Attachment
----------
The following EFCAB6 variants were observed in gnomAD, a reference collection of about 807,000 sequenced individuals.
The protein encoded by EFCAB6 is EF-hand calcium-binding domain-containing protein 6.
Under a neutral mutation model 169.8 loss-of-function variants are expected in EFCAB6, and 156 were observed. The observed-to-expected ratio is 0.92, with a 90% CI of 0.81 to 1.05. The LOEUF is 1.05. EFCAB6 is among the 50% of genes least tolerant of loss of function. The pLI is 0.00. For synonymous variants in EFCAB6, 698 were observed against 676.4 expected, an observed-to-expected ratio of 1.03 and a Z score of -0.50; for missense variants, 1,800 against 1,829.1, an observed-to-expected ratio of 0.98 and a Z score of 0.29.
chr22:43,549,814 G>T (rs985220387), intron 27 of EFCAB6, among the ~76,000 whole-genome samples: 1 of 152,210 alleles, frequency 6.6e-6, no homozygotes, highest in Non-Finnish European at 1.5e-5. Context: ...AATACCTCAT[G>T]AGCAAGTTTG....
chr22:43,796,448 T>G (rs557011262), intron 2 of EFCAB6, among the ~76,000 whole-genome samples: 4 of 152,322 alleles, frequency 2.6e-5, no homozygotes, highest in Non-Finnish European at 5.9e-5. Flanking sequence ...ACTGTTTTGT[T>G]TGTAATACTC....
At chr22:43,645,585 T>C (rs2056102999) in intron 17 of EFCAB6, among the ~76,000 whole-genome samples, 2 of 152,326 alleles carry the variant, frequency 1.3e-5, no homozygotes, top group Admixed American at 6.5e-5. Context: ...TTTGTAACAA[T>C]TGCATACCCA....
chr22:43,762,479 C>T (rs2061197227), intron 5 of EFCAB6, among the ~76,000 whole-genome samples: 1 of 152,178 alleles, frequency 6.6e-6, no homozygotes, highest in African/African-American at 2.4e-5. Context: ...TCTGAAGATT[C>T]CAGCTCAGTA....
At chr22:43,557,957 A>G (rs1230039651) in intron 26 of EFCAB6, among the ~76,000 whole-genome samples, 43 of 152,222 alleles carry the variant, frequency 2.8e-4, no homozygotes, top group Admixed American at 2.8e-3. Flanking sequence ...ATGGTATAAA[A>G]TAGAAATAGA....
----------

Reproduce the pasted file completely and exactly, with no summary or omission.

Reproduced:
The following EFCAB6 variants were observed in gnomAD, a reference collection of about 807,000 sequenced individuals.
The protein encoded by EFCAB6 is EF-hand calcium-binding domain-containing protein 6.
Under a neutral mutation model 169.8 loss-of-function variants are expected in EFCAB6, and 156 were observed. The observed-to-expected ratio is 0.92, with a 90% CI of 0.81 to 1.05. The LOEUF is 1.05. EFCAB6 is among the 50% of genes least tolerant of loss of function. The pLI is 0.00. For synonymous variants in EFCAB6, 698 were observed against 676.4 expected, an observed-to-expected ratio of 1.03 and a Z score of -0.50; for missense variants, 1,800 against 1,829.1, an observed-to-expected ratio of 0.98 and a Z score of 0.29.
chr22:43,549,814 G>T (rs985220387), intron 27 of EFCAB6, among the ~76,000 whole-genome samples: 1 of 152,210 alleles, frequency 6.6e-6, no homozygotes, highest in Non-Finnish European at 1.5e-5. Context: ...AATACCTCAT[G>T]AGCAAGTTTG....
chr22:43,796,448 T>G (rs557011262), intron 2 of EFCAB6, among the ~76,000 whole-genome samples: 4 of 152,322 alleles, frequency 2.6e-5, no homozygotes, highest in Non-Finnish European at 5.9e-5. Flanking sequence ...ACTGTTTTGT[T>G]TGTAATACTC....
At chr22:43,645,585 T>C (rs2056102999) in intron 17 of EFCAB6, among the ~76,000 whole-genome samples, 2 of 152,326 alleles carry the variant, frequency 1.3e-5, no homozygotes, top group Admixed American at 6.5e-5. Context: ...TTTGTAACAA[T>C]TGCATACCCA....
chr22:43,762,479 C>T (rs2061197227), intron 5 of EFCAB6, among the ~76,000 whole-genome samples: 1 of 152,178 alleles, frequency 6.6e-6, no homozygotes, highest in African/African-American at 2.4e-5. Context: ...TCTGAAGATT[C>T]CAGCTCAGTA....
At chr22:43,557,957 A>G (rs1230039651) in intron 26 of EFCAB6, among the ~76,000 whole-genome samples, 43 of 152,222 alleles carry the variant, frequency 2.8e-4, no homozygotes, top group Admixed American at 2.8e-3. Flanking sequence ...ATGGTATAAA[A>G]TAGAAATAGA....